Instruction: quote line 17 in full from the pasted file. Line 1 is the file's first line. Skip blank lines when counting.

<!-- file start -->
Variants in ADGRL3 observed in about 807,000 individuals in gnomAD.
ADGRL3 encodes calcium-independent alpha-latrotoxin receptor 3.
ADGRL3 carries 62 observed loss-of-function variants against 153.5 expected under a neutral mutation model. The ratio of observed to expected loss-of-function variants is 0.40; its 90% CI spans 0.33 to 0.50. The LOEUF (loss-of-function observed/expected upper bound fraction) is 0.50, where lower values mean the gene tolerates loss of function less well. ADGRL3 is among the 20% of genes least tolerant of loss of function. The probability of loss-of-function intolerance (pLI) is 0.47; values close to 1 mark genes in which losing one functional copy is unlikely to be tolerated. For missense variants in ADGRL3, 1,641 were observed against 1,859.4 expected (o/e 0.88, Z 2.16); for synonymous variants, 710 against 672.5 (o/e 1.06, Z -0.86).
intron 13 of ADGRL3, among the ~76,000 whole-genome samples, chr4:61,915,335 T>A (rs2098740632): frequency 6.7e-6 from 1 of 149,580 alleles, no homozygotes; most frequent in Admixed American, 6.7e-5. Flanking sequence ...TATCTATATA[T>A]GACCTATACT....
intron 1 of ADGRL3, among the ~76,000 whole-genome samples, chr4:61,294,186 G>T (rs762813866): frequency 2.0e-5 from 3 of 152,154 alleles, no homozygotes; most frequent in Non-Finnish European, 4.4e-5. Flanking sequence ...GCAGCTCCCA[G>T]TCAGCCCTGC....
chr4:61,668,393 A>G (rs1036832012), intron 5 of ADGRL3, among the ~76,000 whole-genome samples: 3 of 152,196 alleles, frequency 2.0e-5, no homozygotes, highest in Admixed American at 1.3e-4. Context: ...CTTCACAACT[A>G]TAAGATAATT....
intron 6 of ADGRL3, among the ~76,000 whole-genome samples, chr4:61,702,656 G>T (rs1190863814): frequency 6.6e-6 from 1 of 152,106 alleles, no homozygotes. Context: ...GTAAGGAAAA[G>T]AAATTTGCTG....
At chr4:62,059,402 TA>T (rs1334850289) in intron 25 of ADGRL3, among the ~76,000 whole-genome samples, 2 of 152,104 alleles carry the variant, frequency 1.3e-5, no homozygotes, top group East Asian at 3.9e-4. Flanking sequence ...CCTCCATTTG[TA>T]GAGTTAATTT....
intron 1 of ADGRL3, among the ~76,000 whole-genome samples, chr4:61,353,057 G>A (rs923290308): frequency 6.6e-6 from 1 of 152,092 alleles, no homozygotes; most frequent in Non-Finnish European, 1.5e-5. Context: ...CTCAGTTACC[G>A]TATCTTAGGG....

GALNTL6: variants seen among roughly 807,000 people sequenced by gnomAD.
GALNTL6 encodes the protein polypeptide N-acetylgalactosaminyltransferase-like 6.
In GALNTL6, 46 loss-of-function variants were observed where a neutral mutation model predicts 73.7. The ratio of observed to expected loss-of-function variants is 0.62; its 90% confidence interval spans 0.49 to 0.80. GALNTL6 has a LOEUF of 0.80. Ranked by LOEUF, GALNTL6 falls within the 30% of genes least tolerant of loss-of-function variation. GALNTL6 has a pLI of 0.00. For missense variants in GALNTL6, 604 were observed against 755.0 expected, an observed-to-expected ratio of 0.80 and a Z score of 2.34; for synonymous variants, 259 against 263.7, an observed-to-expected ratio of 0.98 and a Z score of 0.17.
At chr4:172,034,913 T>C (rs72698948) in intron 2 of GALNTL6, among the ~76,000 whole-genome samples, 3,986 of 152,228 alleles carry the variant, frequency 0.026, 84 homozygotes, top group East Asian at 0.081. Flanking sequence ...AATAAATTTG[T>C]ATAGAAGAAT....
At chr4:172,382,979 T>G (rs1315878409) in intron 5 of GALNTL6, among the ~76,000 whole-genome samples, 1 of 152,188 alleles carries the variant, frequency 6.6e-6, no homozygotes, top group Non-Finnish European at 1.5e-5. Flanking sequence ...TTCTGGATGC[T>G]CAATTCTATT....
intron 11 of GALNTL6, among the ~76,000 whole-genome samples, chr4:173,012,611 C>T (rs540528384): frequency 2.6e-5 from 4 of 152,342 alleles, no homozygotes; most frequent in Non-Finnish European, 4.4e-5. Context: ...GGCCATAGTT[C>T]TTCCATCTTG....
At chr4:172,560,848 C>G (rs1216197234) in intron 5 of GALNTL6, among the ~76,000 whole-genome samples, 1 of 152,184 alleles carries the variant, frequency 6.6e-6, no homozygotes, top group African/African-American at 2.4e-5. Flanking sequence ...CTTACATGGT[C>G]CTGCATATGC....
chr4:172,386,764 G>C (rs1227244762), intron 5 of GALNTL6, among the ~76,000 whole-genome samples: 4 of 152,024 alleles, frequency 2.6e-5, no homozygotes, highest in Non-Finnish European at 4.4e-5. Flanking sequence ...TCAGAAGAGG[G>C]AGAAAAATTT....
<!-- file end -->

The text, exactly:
chr4:172,386,764 G>C (rs1227244762), intron 5 of GALNTL6, among the ~76,000 whole-genome samples: 4 of 152,024 alleles, frequency 2.6e-5, no homozygotes, highest in Non-Finnish European at 4.4e-5. Flanking sequence ...TCAGAAGAGG[G>C]AGAAAAATTT....